Sunday, December 19, 2010


Jane by April Lindner

I saw the cover of this book and just couldn't resist picking it up.  When I saw that it was a "modern" Jane Eyre - I had to have it.  Gladly I can say that this book lived up to my expectations.  I love the original story and was interested to see what this one was about.  The author talks about "translating" some of the issues into modern contexts in the Author's Note in the back.  I thought she did a great job.

This book tells the story of a young woman named Jane Moore whose parents die in an accident while she is in her freshman year at Sarah Lawrence college.  She is a smart girl, though plain, and while she does have two siblings, they are horrible to her, and being away from them is not real loss.  In fact, Jane is glad not to have to see them.  Unable to pay for college once her parents die (the stocks they left her were worthless...though her sister seemed to be doing ok and got some money out of the deaths), Jane gets trained to be a nanny and seeks her first job.  She hopes to work and save money to eventually one day go back to school.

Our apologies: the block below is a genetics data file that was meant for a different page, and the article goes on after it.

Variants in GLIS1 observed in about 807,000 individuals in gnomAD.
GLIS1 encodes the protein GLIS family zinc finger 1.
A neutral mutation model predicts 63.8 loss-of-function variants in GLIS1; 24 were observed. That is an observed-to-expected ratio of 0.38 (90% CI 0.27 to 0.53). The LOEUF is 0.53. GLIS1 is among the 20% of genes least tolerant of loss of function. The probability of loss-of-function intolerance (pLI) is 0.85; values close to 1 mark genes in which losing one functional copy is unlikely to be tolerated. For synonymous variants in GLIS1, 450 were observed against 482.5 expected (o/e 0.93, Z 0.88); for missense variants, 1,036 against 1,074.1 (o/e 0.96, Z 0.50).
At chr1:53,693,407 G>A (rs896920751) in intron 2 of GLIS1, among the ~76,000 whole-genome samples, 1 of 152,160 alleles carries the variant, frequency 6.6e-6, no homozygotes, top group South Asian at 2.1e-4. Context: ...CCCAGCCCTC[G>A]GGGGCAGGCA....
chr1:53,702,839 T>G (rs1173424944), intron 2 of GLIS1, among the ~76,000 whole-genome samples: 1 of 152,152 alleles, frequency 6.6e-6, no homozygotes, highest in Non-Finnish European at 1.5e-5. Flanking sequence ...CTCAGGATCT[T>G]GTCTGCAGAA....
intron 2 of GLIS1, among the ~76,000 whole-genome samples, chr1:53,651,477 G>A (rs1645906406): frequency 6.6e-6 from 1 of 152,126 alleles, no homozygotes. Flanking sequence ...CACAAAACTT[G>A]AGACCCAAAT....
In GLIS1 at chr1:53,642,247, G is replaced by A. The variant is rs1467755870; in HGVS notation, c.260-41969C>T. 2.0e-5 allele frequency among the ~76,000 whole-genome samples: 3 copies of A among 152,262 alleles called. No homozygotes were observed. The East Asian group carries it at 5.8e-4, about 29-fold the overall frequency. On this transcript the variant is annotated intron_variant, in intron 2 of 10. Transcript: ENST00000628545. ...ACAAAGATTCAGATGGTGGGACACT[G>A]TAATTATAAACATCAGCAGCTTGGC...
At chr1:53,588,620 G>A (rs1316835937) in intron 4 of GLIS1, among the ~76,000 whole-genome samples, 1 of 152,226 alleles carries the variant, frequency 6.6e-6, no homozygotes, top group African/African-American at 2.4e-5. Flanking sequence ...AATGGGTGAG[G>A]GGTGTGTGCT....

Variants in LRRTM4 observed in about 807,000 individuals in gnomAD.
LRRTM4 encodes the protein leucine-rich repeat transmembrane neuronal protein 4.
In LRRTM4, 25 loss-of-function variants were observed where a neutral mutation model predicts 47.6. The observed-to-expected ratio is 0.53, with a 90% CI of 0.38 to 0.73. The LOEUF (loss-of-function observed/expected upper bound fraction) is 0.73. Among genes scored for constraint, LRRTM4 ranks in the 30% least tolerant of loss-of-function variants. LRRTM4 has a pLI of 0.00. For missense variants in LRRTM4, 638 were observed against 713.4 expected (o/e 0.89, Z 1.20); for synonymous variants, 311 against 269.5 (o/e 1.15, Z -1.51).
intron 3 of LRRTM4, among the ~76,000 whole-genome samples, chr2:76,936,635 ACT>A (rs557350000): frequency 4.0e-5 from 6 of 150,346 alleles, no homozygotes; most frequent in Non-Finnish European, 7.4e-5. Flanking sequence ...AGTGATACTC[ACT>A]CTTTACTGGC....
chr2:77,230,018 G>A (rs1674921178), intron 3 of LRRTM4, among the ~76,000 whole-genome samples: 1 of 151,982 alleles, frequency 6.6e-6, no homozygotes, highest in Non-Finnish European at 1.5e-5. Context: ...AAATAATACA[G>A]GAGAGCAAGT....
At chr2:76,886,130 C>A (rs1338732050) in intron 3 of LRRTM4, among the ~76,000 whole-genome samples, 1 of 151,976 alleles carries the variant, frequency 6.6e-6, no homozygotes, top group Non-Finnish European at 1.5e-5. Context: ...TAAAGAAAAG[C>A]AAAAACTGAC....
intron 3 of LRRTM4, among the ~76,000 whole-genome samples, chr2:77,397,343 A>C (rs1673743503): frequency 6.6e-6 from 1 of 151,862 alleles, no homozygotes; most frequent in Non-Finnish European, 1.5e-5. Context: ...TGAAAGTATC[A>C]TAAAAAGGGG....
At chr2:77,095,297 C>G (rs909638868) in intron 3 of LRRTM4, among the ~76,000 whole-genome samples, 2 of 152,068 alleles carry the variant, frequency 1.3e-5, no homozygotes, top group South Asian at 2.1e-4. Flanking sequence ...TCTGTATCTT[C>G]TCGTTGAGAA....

While applying and interviewing, she knows she is different from the other girls.  They are all perky and cutely dressed while Jane is plain and dressed in a mature looking suit from Goodwill.  This might have worked against her except that the agency needed a special person to fill a special nanny position.  Jane cares nothing for tabloids and celebrities so the agency sends her to be a nanny for the rock star Nico Rathburn.  Known for being a crazy party-hard star w/ many marriages under his belt and a history of sex, drugs, and rock and roll, Nico is sort of on a come-back tour right now.  He's gruff and strange, but eventually Jane sees other sides of his personality.  Add in the adorable Maddy, Nico's daughter, and a houseful of band mates, photographers, and housekeepers, and you have a wonderful backdrop for this modern retelling of a classic.

I loved Jane, and I loved Nico.  I felt that they were real characters, and I enjoyed every moment they were together.  Of course, knowing Jane Eyre made me anticipate their meetings even more.  I was wondering all the time when they would have a nice afternoon together and when Nico would go back to his abrasive self and be mean.  The love story was fun, and I really think that Lindner did a fabulous job.  Readers can like this book even if they haven't read the original, but hopefully this story will lead them to read the real book to see what it's all about. 

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